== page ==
Sound Science Bite: November 25.Recently (Science 346,732(2014)) it has been discovered that perhaps half of all stars do not belong in galaxies, but exist in intergalactic space. How did this happen? After all, star formation is routinely observed in galaxies, including our own Milky Way. How did they get way out "there"? It has long been known that galaxies occasionally collide. Wouldn't that lead to the destruction of those galaxies? Or would it explain the "rogue" intergalactic stars?
Stars in galaxies are very apart. For example, the nearest star to our sun is about four light years away, or 9.5 × 1015 kilometers of separation. The diameter of the sun is close to 1,400,000 km. Hence the ratio of starless space to the space occupied by the sun is about 600 thousand trillion trillion to one. Two gnats might have a greater chance of colliding in the Grand Canyon than the sun colliding with another star if the Milky Way were in collision with another galaxy. How do stars then get free of a galaxy during a collision? Gravity.
Consider a body such as a star bound to another body, say a galaxy. To physicists this means the combined energy of gravitational interaction of these bodies is negative. For them to separate permanently, the combined energy must at least be zero. For this to happen gravitational energy must be added to the system. In galaxy collision this energy does not come from direct collisions of stars with stars, but from the gravitational interactions of a star with the stars of the colliding galaxy, resulting in so-called "tidal" interactions as streams of stars escape their host galaxies. This complex process can be understood in the "simple" case of what physicists call a "three-body interaction". (Not so simple, really, as no general solution for this problem exists.)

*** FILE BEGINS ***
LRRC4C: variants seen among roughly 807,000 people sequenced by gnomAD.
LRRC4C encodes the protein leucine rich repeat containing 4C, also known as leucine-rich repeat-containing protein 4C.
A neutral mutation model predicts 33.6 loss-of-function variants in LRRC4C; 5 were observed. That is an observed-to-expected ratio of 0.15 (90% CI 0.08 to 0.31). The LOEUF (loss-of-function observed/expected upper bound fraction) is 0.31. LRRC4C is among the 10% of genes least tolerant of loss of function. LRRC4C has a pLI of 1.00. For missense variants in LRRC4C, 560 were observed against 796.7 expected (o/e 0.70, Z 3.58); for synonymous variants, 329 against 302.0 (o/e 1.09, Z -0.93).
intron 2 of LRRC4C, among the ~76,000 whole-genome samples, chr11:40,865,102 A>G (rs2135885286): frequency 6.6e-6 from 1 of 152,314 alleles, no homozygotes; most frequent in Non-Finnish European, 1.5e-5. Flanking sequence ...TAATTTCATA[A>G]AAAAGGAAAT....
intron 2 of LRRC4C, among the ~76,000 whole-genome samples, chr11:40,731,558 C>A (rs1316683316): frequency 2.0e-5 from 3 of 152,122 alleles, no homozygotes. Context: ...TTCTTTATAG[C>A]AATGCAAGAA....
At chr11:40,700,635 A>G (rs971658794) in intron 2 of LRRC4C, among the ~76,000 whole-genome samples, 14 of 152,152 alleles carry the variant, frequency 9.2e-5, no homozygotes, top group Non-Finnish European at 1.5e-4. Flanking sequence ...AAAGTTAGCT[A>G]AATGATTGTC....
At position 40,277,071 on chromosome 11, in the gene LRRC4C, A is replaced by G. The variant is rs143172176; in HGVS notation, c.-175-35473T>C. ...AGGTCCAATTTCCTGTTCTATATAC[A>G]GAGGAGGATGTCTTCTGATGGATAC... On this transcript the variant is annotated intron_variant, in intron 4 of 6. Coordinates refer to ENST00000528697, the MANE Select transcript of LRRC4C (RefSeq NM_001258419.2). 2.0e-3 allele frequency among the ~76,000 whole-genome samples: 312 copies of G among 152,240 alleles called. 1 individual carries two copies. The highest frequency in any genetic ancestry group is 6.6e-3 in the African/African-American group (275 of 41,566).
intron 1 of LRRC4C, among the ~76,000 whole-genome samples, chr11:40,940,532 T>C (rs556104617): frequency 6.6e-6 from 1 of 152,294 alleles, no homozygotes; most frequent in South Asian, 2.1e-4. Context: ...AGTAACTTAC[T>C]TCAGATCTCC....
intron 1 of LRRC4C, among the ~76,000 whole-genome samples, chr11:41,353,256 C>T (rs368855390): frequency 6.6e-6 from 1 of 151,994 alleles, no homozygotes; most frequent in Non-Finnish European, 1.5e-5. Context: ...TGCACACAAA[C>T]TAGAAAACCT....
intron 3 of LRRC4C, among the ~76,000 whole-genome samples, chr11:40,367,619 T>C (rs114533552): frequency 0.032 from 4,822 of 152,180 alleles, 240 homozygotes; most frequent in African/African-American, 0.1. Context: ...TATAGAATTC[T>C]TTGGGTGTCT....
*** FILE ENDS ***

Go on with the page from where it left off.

In a three-body interaction you have two objects, such as two stars, in a mutual orbit, that is, orbiting each other. (If the stars have equal masses they will orbit a point halfway between them.) Another star comes along. If the interaction between this star and the orbiting two occurs in a certain way, the orbiting stars' energy may increase while that of intervening star may decrease. (Actually, the energy of the intervening star interacting with the other two decreases.) If the orbiting stars' mutual energy becomes positive, they will separate. In the meantime, if the mutual energy of the intervening star and one of the previously orbiting stars decreases to less than zero, the intervening star and that star will form a new orbiting pair, while the third formerly orbiting star goes off its merry way.
This is in fact how it is thought large clusters of stars, called globular clusters due to their spherical shape, evolve and lose stars. Three-body interactions should be relatively common in these dense clusters, resulting in the clusters losing energy as stars are expelled by these interactions. Perhaps many of the intergalactic stars come not only from colliding galaxies, but also from such clusters.